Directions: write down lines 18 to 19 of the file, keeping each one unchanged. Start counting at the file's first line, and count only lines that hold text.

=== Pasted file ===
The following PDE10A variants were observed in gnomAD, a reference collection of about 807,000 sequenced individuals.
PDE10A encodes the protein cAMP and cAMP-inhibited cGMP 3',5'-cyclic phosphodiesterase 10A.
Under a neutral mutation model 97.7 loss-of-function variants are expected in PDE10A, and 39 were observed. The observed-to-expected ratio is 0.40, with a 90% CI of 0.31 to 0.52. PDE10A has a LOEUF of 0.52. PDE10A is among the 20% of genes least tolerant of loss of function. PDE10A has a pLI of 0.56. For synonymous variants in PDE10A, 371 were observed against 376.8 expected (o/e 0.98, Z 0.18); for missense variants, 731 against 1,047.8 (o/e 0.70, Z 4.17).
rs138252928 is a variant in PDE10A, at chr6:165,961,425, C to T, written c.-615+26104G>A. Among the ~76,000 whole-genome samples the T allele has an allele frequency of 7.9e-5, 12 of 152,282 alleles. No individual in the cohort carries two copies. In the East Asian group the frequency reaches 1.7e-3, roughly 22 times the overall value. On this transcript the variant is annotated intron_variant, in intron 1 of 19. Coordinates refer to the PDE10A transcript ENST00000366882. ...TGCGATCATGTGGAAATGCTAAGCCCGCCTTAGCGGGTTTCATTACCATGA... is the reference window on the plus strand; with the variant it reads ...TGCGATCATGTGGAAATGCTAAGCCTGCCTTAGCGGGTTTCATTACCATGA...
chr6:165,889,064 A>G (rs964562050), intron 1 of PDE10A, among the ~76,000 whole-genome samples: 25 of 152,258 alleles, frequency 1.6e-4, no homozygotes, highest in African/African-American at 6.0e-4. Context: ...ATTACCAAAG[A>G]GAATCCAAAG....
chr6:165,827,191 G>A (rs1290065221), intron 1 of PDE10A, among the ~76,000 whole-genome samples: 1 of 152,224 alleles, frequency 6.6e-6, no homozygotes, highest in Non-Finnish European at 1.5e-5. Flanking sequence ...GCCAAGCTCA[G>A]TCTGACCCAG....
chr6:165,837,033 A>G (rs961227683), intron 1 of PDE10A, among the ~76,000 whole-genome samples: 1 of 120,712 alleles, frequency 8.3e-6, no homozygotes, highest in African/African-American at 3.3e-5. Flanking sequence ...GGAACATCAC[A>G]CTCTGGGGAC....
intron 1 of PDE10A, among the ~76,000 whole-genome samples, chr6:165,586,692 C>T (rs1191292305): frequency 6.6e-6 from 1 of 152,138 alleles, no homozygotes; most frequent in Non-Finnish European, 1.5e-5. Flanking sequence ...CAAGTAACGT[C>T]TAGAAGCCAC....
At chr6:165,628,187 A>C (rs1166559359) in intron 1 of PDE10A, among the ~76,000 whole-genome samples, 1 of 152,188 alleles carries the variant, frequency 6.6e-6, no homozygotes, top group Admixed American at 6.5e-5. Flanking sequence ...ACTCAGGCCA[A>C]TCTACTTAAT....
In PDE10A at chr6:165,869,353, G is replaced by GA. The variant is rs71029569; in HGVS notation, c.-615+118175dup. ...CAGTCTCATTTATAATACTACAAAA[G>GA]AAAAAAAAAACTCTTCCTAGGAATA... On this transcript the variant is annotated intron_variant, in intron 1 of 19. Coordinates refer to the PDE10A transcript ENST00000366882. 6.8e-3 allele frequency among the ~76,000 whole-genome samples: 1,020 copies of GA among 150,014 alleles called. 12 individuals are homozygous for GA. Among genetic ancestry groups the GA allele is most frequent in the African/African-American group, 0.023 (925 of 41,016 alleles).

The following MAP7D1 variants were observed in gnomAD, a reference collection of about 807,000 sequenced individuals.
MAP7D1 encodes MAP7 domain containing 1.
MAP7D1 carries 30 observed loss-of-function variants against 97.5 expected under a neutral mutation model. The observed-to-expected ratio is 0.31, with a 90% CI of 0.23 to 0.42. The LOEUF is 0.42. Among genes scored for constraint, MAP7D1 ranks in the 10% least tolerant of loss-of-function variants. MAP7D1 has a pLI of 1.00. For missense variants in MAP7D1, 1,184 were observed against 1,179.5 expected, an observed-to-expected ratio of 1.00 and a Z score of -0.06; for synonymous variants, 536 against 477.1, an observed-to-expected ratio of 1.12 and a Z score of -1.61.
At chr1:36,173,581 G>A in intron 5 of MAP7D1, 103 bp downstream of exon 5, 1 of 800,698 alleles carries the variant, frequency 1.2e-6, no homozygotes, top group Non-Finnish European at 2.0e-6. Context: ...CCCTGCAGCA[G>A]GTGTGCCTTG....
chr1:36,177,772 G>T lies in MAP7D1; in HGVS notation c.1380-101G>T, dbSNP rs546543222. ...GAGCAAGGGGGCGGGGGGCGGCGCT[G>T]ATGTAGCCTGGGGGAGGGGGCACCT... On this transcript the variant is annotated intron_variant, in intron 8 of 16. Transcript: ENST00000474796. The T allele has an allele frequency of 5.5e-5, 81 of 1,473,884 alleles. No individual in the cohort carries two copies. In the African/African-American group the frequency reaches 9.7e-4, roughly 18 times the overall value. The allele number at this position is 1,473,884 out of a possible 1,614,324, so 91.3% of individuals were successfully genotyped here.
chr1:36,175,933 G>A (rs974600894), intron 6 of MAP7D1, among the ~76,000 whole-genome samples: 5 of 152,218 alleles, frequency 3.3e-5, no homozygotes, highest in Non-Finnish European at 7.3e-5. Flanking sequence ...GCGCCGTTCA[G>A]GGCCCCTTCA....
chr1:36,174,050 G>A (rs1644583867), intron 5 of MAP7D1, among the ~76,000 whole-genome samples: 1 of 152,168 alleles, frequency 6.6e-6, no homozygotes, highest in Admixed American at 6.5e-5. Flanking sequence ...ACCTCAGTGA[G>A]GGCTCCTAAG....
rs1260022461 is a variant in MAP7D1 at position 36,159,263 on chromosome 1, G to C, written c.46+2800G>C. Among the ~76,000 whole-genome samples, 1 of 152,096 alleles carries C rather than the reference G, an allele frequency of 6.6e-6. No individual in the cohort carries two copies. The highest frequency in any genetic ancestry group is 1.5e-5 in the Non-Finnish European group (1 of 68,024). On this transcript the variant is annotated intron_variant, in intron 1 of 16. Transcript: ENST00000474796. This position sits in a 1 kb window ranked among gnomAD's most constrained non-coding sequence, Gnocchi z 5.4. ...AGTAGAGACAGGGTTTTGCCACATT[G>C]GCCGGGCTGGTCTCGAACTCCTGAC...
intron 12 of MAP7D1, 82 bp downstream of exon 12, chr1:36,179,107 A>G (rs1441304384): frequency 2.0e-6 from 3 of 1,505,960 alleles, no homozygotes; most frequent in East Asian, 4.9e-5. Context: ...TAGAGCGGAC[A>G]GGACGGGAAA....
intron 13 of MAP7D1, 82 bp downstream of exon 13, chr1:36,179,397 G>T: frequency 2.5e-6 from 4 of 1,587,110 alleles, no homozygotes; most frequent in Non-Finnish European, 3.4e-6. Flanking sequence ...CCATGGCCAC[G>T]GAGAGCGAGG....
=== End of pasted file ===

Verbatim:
rs1260022461 is a variant in MAP7D1 at position 36,159,263 on chromosome 1, G to C, written c.46+2800G>C. Among the ~76,000 whole-genome samples, 1 of 152,096 alleles carries C rather than the reference G, an allele frequency of 6.6e-6. No individual in the cohort carries two copies. The highest frequency in any genetic ancestry group is 1.5e-5 in the Non-Finnish European group (1 of 68,024). On this transcript the variant is annotated intron_variant, in intron 1 of 16. Transcript: ENST00000474796. This position sits in a 1 kb window ranked among gnomAD's most constrained non-coding sequence, Gnocchi z 5.4. ...AGTAGAGACAGGGTTTTGCCACATT[G>C]GCCGGGCTGGTCTCGAACTCCTGAC...
intron 12 of MAP7D1, 82 bp downstream of exon 12, chr1:36,179,107 A>G (rs1441304384): frequency 2.0e-6 from 3 of 1,505,960 alleles, no homozygotes; most frequent in East Asian, 4.9e-5. Context: ...TAGAGCGGAC[A>G]GGACGGGAAA....